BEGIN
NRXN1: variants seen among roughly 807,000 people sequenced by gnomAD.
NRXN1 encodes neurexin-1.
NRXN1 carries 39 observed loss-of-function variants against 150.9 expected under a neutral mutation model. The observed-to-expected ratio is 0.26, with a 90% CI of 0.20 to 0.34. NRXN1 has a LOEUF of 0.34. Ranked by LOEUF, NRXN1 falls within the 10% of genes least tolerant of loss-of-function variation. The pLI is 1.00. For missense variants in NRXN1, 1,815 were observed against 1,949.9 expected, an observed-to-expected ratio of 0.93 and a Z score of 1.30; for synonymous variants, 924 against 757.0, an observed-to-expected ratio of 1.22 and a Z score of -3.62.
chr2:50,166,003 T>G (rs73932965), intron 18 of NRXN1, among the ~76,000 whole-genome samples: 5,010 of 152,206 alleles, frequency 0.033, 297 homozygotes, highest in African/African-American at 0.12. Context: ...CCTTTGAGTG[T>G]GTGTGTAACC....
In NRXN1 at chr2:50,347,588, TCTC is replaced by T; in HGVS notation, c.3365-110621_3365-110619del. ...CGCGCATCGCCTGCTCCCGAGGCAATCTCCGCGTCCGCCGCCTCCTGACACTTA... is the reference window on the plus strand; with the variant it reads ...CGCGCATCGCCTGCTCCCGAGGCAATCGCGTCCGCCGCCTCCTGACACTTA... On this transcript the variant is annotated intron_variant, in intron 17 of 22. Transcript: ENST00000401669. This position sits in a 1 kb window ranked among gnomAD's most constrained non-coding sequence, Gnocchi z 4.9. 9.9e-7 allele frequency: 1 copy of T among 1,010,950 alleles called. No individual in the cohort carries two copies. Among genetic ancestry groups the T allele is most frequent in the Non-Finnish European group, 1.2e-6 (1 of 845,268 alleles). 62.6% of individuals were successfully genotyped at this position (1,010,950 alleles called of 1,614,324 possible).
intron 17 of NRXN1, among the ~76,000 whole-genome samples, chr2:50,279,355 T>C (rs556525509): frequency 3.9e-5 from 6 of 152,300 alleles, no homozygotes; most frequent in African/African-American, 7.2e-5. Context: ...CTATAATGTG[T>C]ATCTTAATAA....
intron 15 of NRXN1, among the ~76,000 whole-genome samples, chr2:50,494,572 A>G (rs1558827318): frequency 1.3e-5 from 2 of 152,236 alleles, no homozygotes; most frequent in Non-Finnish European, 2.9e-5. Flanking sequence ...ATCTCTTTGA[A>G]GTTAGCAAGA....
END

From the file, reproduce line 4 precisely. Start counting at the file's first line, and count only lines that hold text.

chr2:50,166,003 T>G (rs73932965), intron 18 of NRXN1, among the ~76,000 whole-genome samples: 5,010 of 152,206 alleles, frequency 0.033, 297 homozygotes, highest in African/African-American at 0.12. Context: ...CCTTTGAGTG[T>G]GTGTGTAACC....